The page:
Bernard Cooper is among my most favorite writers for his fearlessness, his honesty, his grace. He has written eloquently about subjects many of us can find few words for and now he’s turned his eye onto his own coming of age in the world of Cal Arts—an epicenter for art, creativity and a kind of highly intellectual absurdity. Cooper brilliantly captures what it is to awaken to one’s creative self and the need to find what is one’s own in terms of intellectual and personal identity while making sense of the world that surrounds.”–A.M. Homes
The paradox of making something from nothing, of threading the maze of reality, is finely illuminated in this honest, articulate and moving memoir. Through his search for the avant-garde, Bernard Cooper found something rarer, a wisdom grounded in humility before unanswerable questions. In doing so, he has achieved a combination of “Beauty plus pity,” Nabokov’s definition of art. — Phillip Lopate
Pop Art, for the young Bernard Cooper, was Everything: a world to enter, a way to elevate the cultural litter of 1960s America to a new form of beauty, an escape from grief, a place to hide. Cooper loves the oddball artists who people these pages, but never loses his cool, incisive eye. Refreshingly funny and very much alive, this memoir’s a brilliant study of the quake-shaken, make-it-up-as-you-go landscape of our most American city, and a deeply engrossing account of how one boy made a self while making art. –Mark Doty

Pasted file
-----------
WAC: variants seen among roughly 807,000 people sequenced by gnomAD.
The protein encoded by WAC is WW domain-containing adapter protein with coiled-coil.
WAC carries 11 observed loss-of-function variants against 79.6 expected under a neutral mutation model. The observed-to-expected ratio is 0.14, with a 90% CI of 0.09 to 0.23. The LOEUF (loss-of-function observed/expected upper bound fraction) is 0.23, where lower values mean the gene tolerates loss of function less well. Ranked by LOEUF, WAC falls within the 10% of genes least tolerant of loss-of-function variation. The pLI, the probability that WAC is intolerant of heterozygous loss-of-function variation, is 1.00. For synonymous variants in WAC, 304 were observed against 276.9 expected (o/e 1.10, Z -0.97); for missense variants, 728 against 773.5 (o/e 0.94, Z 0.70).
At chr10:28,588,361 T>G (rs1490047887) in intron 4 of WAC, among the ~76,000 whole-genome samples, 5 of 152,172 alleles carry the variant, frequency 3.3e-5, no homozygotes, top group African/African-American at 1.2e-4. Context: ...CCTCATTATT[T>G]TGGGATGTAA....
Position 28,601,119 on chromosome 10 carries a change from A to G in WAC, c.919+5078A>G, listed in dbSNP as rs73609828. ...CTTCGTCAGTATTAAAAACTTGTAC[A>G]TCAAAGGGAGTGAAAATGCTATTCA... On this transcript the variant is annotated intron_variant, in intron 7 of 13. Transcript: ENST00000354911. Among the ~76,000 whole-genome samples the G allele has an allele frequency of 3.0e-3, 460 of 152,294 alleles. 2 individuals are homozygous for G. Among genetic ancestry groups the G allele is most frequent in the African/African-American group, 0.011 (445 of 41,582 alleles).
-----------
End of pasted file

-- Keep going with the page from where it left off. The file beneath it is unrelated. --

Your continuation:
Bernard Cooper can make dryer lint fascinating–and in this hilarious yet poignant memoir of an avant-garde life, does.” —Sandra Tsing Loh
The Bill From My Father
From Publishers Weekly
Cooper, whose Maps to Anywhere won the PEN/Ernest Hemingway Award, crafts a brusquely tender elegy to his baffling father, Edward, who died in 2000 (the book’s title refers to an itemized bill of expenses incurred from upbringing and mailed from father to son). Edward was a blustery Los Angeles divorce lawyer with a flair for drama in and out of court. Circling from recent to distant past, Cooper recalls his utter bewilderment at his father’s ill-advised imbroglios, which included an affair with his father’s evangelical nurse and a lawsuit against the phone company. With a sharp scalpel of detail, Cooper dissects his father’s stinging dismissals and unceremonious reconciliations with his sole surviving progeny, laboring to slice away a mystique that “ballooned into myth” in Edward’s sustained absences. Dear old dad never bothered to read his son’s prize-winning work, in which he figures prominently—though it’s clear that father and son share a linguistic legerdemain. Stirring yet never saccharine, this memoir excavates a fraught history without once collapsing into cliché. As much as Cooper seeks truth, he finally grows comfortable in the shadowy depths of his father’s legacy. “By delving into the riddle of him, I hoped to know his mystery by finer degrees.”